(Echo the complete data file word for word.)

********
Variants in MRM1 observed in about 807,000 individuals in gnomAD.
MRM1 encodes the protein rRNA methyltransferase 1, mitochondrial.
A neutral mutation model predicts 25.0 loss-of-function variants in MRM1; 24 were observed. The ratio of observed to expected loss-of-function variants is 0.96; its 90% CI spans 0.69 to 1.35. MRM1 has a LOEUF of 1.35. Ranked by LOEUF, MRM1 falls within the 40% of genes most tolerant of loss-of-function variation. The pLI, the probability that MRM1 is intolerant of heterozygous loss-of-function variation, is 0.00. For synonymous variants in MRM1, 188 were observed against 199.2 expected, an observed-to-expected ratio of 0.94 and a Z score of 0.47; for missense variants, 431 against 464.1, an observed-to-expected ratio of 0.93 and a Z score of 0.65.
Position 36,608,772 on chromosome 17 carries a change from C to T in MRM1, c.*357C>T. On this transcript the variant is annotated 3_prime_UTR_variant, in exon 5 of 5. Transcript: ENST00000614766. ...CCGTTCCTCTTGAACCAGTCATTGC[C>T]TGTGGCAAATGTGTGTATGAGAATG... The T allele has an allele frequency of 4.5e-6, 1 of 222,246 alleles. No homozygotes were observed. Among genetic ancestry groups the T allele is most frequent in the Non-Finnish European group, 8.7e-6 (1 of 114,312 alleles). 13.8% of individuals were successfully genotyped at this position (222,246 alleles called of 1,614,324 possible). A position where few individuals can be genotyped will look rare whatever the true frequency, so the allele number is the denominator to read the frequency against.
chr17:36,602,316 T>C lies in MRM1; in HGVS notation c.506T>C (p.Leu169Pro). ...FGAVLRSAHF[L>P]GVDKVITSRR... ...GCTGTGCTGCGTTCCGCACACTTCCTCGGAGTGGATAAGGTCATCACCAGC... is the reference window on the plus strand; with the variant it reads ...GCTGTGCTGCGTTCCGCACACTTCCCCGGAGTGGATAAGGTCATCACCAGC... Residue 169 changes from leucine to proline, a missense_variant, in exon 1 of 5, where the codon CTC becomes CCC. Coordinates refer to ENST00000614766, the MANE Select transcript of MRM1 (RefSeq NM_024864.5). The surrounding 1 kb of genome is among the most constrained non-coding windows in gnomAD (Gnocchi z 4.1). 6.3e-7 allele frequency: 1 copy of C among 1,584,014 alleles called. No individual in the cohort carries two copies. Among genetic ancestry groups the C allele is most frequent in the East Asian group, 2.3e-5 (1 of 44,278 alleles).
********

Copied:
Variants in MRM1 observed in about 807,000 individuals in gnomAD.
MRM1 encodes the protein rRNA methyltransferase 1, mitochondrial.
A neutral mutation model predicts 25.0 loss-of-function variants in MRM1; 24 were observed. The ratio of observed to expected loss-of-function variants is 0.96; its 90% CI spans 0.69 to 1.35. MRM1 has a LOEUF of 1.35. Ranked by LOEUF, MRM1 falls within the 40% of genes most tolerant of loss-of-function variation. The pLI, the probability that MRM1 is intolerant of heterozygous loss-of-function variation, is 0.00. For synonymous variants in MRM1, 188 were observed against 199.2 expected, an observed-to-expected ratio of 0.94 and a Z score of 0.47; for missense variants, 431 against 464.1, an observed-to-expected ratio of 0.93 and a Z score of 0.65.
Position 36,608,772 on chromosome 17 carries a change from C to T in MRM1, c.*357C>T. On this transcript the variant is annotated 3_prime_UTR_variant, in exon 5 of 5. Transcript: ENST00000614766. ...CCGTTCCTCTTGAACCAGTCATTGC[C>T]TGTGGCAAATGTGTGTATGAGAATG... The T allele has an allele frequency of 4.5e-6, 1 of 222,246 alleles. No homozygotes were observed. Among genetic ancestry groups the T allele is most frequent in the Non-Finnish European group, 8.7e-6 (1 of 114,312 alleles). 13.8% of individuals were successfully genotyped at this position (222,246 alleles called of 1,614,324 possible). A position where few individuals can be genotyped will look rare whatever the true frequency, so the allele number is the denominator to read the frequency against.
chr17:36,602,316 T>C lies in MRM1; in HGVS notation c.506T>C (p.Leu169Pro). ...FGAVLRSAHF[L>P]GVDKVITSRR... ...GCTGTGCTGCGTTCCGCACACTTCCTCGGAGTGGATAAGGTCATCACCAGC... is the reference window on the plus strand; with the variant it reads ...GCTGTGCTGCGTTCCGCACACTTCCCCGGAGTGGATAAGGTCATCACCAGC... Residue 169 changes from leucine to proline, a missense_variant, in exon 1 of 5, where the codon CTC becomes CCC. Coordinates refer to ENST00000614766, the MANE Select transcript of MRM1 (RefSeq NM_024864.5). The surrounding 1 kb of genome is among the most constrained non-coding windows in gnomAD (Gnocchi z 4.1). 6.3e-7 allele frequency: 1 copy of C among 1,584,014 alleles called. No individual in the cohort carries two copies. Among genetic ancestry groups the C allele is most frequent in the East Asian group, 2.3e-5 (1 of 44,278 alleles).